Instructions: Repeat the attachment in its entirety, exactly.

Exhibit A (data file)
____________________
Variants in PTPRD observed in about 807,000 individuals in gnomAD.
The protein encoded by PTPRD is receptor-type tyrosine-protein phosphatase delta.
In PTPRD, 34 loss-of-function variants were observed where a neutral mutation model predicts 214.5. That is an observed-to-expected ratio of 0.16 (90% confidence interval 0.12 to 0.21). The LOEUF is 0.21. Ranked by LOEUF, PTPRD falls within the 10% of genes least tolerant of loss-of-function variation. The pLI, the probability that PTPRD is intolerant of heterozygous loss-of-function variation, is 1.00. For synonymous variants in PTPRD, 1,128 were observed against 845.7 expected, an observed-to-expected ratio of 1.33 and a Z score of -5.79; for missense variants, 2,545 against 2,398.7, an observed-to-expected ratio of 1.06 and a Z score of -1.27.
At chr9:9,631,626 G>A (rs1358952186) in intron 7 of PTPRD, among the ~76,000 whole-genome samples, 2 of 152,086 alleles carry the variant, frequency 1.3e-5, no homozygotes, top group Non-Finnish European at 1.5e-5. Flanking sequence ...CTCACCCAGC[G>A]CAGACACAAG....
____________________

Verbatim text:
Variants in PTPRD observed in about 807,000 individuals in gnomAD.
The protein encoded by PTPRD is receptor-type tyrosine-protein phosphatase delta.
In PTPRD, 34 loss-of-function variants were observed where a neutral mutation model predicts 214.5. That is an observed-to-expected ratio of 0.16 (90% confidence interval 0.12 to 0.21). The LOEUF is 0.21. Ranked by LOEUF, PTPRD falls within the 10% of genes least tolerant of loss-of-function variation. The pLI, the probability that PTPRD is intolerant of heterozygous loss-of-function variation, is 1.00. For synonymous variants in PTPRD, 1,128 were observed against 845.7 expected, an observed-to-expected ratio of 1.33 and a Z score of -5.79; for missense variants, 2,545 against 2,398.7, an observed-to-expected ratio of 1.06 and a Z score of -1.27.
At chr9:9,631,626 G>A (rs1358952186) in intron 7 of PTPRD, among the ~76,000 whole-genome samples, 2 of 152,086 alleles carry the variant, frequency 1.3e-5, no homozygotes, top group Non-Finnish European at 1.5e-5. Flanking sequence ...CTCACCCAGC[G>A]CAGACACAAG....